Some STRA owners expressed concern over this system, saying that an angry neighbour could perhaps “rack up demerit points” against them by making multiple complaints. However, Ducharme assured that as with normal complaints, a by-law officer would first conduct an investigation before recommending that a demerit point be issued. Furthermore, councillor Kris Rivard suggested a higher threshold for demerit points before suspension, and proposal that after hitting the suspension threshold, an operator’s case would be reviewed by municipal council for the final decision.
The latter suggestion received much positive feedback from the STRA operators in the room, but others felt the measures were not strict enough. Verner resident Debbie Joly was among them. “I find that one point for some of these infractions is a tad lenient. For instance, ‘operating a short-term rental without a license,’ I think you should actually be denied a license after operating without one,” she opined. Another Verner resident, Dora Hoffman, agreed. “When you are living next to this and this affects your life in your home on a repetitive basis, it’s not fun and it has to be dealt with and it has to be regulated,” she said, adding that if someone is a responsible owner, then they shouldn’t be afraid of getting a demerit point.
Both Joly and Hoffman live on the same road in Verner where, for two years, they dealt with an Airbnb unit causing them a host of problems. Joly even wrote a letter to then-councillor Rolly Larabie back in September of 2021, signed by several other people in the area, pleading with the town to regulate short term rentals. The letter mentioned issues of trespassing, cameras on the property which would infringe on their own privacy, conservation and environmental issues due to water being drawn from the lake, noise complaints, and general nuisance. Joly also kept a record of the number of guests that attended on various dates, which sometimes reached up to 10 people, and notes of specific issues and calls made to police. When she submitted the letter, Joly was told that the by-law would be pushed back until a new council was elected, so she is obviously anxious to see it move forward two years later.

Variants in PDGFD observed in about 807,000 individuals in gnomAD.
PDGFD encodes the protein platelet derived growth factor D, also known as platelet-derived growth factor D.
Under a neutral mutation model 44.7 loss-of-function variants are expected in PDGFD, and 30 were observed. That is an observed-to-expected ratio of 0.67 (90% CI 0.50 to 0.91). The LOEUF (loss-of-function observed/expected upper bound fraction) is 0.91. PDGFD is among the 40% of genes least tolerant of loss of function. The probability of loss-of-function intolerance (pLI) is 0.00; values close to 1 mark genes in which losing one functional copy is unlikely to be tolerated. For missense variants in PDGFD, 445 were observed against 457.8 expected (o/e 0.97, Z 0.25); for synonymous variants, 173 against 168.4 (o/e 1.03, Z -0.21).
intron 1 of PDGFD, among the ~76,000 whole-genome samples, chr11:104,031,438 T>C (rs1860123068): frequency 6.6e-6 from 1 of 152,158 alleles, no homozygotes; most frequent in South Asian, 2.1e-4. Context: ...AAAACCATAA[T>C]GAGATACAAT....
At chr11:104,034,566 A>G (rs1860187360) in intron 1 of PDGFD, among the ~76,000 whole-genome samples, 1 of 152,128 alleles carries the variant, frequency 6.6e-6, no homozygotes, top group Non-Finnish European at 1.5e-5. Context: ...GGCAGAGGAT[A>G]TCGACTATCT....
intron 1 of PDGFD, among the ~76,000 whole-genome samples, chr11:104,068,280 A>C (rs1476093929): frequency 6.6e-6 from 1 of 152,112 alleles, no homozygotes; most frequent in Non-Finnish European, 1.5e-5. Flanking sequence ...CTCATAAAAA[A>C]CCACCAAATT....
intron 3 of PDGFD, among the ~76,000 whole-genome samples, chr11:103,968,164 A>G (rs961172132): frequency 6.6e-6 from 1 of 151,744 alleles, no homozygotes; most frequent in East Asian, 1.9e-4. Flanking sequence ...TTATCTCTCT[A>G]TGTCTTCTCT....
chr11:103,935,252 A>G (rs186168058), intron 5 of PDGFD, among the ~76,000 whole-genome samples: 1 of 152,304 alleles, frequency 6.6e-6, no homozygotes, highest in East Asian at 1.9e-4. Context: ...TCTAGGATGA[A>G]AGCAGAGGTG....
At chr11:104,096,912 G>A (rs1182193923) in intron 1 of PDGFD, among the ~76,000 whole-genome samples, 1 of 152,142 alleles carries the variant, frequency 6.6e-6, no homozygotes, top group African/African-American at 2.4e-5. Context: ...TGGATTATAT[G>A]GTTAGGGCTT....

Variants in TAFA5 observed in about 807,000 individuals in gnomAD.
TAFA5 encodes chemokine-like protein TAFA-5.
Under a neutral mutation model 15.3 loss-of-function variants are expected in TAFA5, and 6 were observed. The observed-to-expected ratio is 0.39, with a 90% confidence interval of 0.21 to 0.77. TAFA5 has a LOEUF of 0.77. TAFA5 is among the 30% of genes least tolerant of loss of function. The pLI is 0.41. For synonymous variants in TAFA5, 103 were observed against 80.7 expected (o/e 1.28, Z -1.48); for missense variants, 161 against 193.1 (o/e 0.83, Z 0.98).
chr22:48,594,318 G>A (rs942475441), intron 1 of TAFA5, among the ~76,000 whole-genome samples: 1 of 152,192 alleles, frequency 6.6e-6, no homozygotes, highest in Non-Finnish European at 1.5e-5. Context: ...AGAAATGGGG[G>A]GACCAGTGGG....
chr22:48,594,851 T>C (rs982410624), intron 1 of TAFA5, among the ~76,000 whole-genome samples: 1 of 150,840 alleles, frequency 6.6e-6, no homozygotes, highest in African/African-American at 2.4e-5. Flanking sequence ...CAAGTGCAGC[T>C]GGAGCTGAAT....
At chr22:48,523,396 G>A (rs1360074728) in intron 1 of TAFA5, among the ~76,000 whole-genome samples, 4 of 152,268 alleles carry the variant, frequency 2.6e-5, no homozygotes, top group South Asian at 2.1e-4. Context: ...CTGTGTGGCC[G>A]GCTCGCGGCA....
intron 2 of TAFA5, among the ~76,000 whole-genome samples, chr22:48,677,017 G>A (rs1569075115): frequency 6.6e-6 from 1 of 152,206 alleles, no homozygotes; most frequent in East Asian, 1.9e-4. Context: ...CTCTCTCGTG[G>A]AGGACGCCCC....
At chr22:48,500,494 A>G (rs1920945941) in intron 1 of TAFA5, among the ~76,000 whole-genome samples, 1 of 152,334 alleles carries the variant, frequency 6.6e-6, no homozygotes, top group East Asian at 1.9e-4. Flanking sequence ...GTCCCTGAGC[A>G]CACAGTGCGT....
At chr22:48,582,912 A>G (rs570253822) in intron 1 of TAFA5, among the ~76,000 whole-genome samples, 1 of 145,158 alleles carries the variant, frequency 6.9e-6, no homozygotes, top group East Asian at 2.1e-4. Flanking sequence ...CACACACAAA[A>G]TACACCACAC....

Mélanie Ducharme expanded on the purpose of the demerit points system as a deterrent, and the perspective of other municipalities. “They overwhelmingly indicated that the fines are not particularly effective. (…) The risk of losing a license through demerit points is a greater disincentive than just a $100 fine,” she explained, adding that the fines are set by the provincial government so the municipality can’t fix the amounts.
The demerit points system was obviously a point of concern for STRA owners who might lost points due to their renters’ behaviour. They were asked if the mechanisms in place to eject a bad renter from an otherwise good owner’s premise were robust enough for them. Owners shared that there are resources in the Airbnb app for host protection and a review system to weed out bad guests, and they can also install security cameras outside to monitor compliance, plus they have the option to eject a bad guest at will if there is a problem.
STRA operator Regan Thompson said that he and his partner rely on the income of their property and are responsible owners, and wanted to know if the town was “attacking a small problem with a sledgehammer.” He also pointed out the economic benefit of STRAs to the area, while recognizing the criticism faced by STRAs in other places such as Toronto “where it’s actually consuming useable real-estate in some cases where some people might use those as family dwellings. In West Nipissing, I don’t think that’s quite the case. I think we’re talking about cottages, and we’re talking about regular blue-collar people who, in order to afford cottages, have to rely on this rental income in order to do so in many cases.”